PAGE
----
Unit names: US Foreign Policy, Politics of Human Rights, Thinking Politically, Climate Crisis and International Security (Masters)
How is sustainability included in these units?
Sustainability is weaved into all these units through the inclusion of a variety of relevant discussion topics, examples, and case studies. In units where the connection isn’t immediately obvious, I ensure that there is a week in which the unit’s main topic (e.g., US Foreign Policy) is interconnected with the climate crisis. This is not necessarily the ideal way of integrating it into the content, as it can feel like a tag-on if it is not handled properly, which is why I make sure that the topic is present throughout the unit and is cohesive with the unit’s content.
If it uses any unusual/original pedagogy or assessment approaches to do this, what are these?
An example is ‘Hackathons Challenge’-based workshops, where students are given a problem and guided in designing solutions. These are usually done in collaboration with external groups on an ad-hoc basis when the opportunity arises. For instance, an organisation is designing workshops to run in South Gloucestershire about achieving net zero in the area, and masters’ students had a seminar in which they contributed to the design of those workshops. The ad-hoc nature means they can’t be assessed for it, but the experience of working with an external organisation on a practical sustainability challenge is invaluable.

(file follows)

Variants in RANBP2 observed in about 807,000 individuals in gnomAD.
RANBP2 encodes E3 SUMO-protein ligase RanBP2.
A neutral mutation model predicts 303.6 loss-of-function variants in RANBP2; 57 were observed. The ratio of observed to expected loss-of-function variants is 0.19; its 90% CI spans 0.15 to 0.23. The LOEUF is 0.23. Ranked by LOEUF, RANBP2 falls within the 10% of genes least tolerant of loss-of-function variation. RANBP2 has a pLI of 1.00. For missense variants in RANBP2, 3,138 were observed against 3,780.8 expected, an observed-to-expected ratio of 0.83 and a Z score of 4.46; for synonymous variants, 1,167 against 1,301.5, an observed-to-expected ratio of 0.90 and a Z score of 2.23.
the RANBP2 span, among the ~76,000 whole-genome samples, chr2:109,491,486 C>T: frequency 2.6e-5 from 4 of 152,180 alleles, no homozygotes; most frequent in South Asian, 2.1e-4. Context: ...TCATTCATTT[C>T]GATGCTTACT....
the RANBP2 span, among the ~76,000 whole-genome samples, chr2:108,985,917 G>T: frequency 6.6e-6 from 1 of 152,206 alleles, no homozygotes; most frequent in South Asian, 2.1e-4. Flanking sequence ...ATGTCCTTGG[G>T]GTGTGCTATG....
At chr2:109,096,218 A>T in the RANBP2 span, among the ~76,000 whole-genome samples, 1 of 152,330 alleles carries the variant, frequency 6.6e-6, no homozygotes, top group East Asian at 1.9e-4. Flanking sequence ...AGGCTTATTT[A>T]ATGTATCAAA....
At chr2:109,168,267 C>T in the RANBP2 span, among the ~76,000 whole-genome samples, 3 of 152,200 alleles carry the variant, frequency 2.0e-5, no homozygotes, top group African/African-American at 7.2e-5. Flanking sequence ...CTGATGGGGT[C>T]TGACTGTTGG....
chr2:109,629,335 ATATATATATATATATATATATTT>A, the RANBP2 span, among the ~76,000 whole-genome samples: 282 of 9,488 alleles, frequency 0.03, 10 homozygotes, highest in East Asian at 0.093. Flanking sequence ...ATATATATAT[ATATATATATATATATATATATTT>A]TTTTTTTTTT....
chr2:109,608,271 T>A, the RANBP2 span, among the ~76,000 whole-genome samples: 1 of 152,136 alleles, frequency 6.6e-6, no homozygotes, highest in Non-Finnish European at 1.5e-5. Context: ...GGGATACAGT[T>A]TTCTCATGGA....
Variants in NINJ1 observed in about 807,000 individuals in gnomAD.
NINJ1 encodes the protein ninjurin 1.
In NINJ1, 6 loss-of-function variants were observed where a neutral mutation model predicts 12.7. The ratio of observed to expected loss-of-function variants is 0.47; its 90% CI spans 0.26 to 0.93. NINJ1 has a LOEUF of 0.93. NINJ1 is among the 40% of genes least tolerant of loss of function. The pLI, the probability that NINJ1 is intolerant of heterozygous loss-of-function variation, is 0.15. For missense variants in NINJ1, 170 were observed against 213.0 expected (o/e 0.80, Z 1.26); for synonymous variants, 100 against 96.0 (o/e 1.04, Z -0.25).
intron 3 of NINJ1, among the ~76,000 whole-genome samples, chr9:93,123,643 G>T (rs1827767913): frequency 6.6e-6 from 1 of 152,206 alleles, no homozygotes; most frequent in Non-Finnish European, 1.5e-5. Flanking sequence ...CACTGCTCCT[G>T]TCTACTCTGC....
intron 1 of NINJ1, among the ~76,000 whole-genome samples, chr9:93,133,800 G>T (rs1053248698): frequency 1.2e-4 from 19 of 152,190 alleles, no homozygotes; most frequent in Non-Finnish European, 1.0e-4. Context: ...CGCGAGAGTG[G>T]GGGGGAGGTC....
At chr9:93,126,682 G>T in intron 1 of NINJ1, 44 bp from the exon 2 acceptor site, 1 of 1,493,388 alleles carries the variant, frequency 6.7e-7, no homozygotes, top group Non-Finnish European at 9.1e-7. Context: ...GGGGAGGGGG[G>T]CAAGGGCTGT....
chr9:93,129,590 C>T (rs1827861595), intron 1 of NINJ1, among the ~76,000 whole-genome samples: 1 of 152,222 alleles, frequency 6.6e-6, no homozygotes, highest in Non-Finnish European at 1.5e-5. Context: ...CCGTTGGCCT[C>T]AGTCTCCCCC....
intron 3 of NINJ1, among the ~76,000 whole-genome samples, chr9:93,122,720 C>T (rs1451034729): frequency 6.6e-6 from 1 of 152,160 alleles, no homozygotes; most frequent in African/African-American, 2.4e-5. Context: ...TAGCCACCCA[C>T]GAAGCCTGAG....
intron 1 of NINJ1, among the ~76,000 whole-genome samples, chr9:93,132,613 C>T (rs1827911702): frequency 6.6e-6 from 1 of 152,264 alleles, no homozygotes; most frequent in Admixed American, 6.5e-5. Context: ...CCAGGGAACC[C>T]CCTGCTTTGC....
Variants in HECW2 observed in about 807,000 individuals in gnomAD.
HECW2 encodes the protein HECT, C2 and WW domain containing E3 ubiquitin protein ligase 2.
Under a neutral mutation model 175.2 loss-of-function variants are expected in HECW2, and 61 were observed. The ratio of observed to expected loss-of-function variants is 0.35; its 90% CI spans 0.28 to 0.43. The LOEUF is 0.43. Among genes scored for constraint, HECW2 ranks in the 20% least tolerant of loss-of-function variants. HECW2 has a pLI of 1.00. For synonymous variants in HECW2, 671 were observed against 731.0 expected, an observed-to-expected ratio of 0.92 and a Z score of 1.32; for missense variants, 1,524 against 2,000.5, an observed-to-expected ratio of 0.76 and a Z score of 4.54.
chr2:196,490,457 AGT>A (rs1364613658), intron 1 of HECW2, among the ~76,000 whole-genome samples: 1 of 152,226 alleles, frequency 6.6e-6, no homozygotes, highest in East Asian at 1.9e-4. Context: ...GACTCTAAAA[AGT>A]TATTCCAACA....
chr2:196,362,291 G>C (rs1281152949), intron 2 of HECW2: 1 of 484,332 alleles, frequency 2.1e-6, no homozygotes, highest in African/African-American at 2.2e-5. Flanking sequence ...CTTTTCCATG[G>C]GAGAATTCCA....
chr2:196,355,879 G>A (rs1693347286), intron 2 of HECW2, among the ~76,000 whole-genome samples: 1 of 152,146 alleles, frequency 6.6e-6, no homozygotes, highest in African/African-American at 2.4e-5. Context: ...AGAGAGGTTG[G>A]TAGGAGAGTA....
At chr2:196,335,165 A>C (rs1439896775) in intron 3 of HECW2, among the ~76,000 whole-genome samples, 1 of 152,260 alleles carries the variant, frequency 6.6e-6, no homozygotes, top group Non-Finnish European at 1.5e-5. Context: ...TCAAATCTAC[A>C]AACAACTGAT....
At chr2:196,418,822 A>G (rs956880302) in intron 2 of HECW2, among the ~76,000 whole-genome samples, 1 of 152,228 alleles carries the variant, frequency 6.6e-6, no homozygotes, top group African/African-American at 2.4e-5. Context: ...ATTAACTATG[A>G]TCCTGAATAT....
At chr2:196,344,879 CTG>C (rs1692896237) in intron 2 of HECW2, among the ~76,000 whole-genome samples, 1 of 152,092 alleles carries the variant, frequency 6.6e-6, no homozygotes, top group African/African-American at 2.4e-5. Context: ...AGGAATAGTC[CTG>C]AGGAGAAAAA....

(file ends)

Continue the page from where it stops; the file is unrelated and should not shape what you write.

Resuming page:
Another example is simulation exercises such as Mock Cop and Model UN, which are great activities the students really enjoy. These are two examples out of a series of simulations which encourage students to engage with current real-world challenges. In another activity, numbered post-it notes – which represent available resources – are hidden around the room unevenly, and students have a short amount of time to gather the post-its from their area. Once they find them, there are different ‘value thresholds’ that need to be reached to be above the poverty line, and which can lead all the way up to a high-carbon society. The rest of the seminar is spent with students negotiating how they are going to distribute the resources they have between themselves.
What sustainability-relevant ‘takeaways’ would you expect students to gain?
Critical creative thinking is definitely one the most important ones. Students of politics need to know how to bring about change, and the ability to imagine a different future is crucial to do so.